|Can the test measure the amount of alcohol consumed?||No. It is not possible to determine alcohol dose. The result provided will give an average over the length of time tested – which is determined by the length of the sample (3 or 6 months)||Yes. The device can measure mg alcohol per 100 ml blood. The report also describes these values as equivalent units of alcohol|
|Can the test identify the frequency that alcohol is/was consumed?||No. It is not possible to determine frequency of alcohol use. Only an average can be measured over a 3 or 6-month time period||
Yes. The device can pinpoint alcohol use at the exact time of day, which day and which day of the week
|Can environmental exposure cause any problems?||Yes, excessive use of cosmetic treatments on hair could affect results. Based on guidance from the SoHT it is advised that both EtG and FAEE are analysed together to provide mutual confirmation of the result||Although the ankle bracelet is waterproof and tamper-resistant, it can pick up readings from hygiene products containing alcohol. Such products should not be applied to the ankle|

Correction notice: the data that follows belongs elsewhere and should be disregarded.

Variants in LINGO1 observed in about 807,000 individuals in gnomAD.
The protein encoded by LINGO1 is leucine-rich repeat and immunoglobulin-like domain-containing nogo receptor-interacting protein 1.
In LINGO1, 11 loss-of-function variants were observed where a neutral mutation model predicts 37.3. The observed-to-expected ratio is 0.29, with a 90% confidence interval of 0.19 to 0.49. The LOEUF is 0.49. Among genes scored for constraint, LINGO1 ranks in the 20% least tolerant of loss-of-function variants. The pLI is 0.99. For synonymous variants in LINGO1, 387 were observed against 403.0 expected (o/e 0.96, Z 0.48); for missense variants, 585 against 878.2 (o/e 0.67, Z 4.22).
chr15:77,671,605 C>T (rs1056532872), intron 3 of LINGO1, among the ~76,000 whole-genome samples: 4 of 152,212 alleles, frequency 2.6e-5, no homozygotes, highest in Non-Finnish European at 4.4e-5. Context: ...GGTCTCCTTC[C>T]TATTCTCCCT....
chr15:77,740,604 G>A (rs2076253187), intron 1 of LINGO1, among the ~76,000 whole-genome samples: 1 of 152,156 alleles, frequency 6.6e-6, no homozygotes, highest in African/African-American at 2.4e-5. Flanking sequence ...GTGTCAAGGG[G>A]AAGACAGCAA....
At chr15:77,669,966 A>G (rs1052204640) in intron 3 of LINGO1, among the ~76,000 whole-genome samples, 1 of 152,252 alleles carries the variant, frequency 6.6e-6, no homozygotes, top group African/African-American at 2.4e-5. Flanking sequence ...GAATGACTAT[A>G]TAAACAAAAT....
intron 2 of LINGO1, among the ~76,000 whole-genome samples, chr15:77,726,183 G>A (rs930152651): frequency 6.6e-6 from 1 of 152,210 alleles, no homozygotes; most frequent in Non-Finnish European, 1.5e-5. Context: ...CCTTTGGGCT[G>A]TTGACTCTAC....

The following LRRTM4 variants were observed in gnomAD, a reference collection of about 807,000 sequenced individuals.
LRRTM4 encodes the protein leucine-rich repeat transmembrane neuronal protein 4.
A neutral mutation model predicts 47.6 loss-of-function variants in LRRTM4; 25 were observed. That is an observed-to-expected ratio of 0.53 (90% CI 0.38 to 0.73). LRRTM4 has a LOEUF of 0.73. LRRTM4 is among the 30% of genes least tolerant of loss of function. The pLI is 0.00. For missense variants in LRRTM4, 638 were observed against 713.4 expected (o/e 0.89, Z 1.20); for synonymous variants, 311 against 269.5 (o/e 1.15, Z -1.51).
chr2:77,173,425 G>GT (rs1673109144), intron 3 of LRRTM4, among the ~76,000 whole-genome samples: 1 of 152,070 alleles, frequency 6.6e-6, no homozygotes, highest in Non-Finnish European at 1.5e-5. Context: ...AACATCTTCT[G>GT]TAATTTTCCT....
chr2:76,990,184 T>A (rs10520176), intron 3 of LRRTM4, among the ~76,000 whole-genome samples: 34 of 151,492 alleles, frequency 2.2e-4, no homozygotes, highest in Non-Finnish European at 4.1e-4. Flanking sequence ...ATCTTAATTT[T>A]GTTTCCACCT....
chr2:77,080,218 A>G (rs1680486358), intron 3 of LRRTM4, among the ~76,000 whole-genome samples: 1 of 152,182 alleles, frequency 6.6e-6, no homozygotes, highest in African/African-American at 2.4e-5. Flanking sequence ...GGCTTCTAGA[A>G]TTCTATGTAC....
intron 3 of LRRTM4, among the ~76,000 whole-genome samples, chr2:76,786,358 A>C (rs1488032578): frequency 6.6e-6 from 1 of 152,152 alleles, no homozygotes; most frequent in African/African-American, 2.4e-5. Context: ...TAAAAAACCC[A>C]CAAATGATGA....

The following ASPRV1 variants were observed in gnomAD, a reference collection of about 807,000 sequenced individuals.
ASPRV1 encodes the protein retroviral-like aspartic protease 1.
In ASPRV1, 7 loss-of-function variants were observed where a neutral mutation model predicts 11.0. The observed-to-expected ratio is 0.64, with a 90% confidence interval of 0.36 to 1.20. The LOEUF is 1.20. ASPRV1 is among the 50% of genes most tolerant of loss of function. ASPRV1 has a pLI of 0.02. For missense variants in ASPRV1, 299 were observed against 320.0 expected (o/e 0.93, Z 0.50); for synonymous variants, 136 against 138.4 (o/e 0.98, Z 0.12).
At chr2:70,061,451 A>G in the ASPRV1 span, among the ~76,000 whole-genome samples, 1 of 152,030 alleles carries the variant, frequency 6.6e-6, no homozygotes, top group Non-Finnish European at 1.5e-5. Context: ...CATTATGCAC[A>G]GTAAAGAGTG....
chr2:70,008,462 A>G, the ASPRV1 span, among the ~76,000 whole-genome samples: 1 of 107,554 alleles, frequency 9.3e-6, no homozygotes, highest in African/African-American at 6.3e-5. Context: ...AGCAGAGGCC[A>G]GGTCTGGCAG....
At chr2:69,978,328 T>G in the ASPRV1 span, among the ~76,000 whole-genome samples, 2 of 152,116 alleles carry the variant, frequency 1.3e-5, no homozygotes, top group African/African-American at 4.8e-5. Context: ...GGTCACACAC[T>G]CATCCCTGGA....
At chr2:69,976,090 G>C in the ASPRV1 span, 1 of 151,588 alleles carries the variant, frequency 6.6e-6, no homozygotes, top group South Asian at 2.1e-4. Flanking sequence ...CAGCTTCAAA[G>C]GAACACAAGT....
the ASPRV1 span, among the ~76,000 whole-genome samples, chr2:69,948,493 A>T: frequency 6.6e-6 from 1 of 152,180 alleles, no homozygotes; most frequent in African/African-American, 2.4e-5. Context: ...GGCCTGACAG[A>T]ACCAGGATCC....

|Can the test prove abstinence?||No. Abstinence cannot be established. Research has shown that even individuals who have not consumed alcohol can test positive for both EtG and FAEEs. This can be explained because everyday foods can contain alcohol and endogenous alcohol can be produced via normal human metabolism.||Yes. SCRAM CAM® has been proven to enforce participant sobriety.|
|Sample collection requirements||At least 3 cm length of hair and around 200 individual strands are needed (about the width of a pencil), cut as close to the scalp as possible||The bracelet needs to be fitted to the ankle by a trained person|
|Is the Chain of Custody procedure legally defensible in court?||Yes. Proof of ID, donor’s and collector’s signature, and a photograph of sample donor is collected by the sample collector||Yes. ID can be checked and a photograph taken at the time the SCRAM CAM® device is fitted|
For expert advice on alcohol testing solutions, please call our Customer Services team on 0333 600 1300 or email us at firstname.lastname@example.org
 Consensus of the Society of Hair Testing on hair testing for chronic excessive alcohol consumption 2011.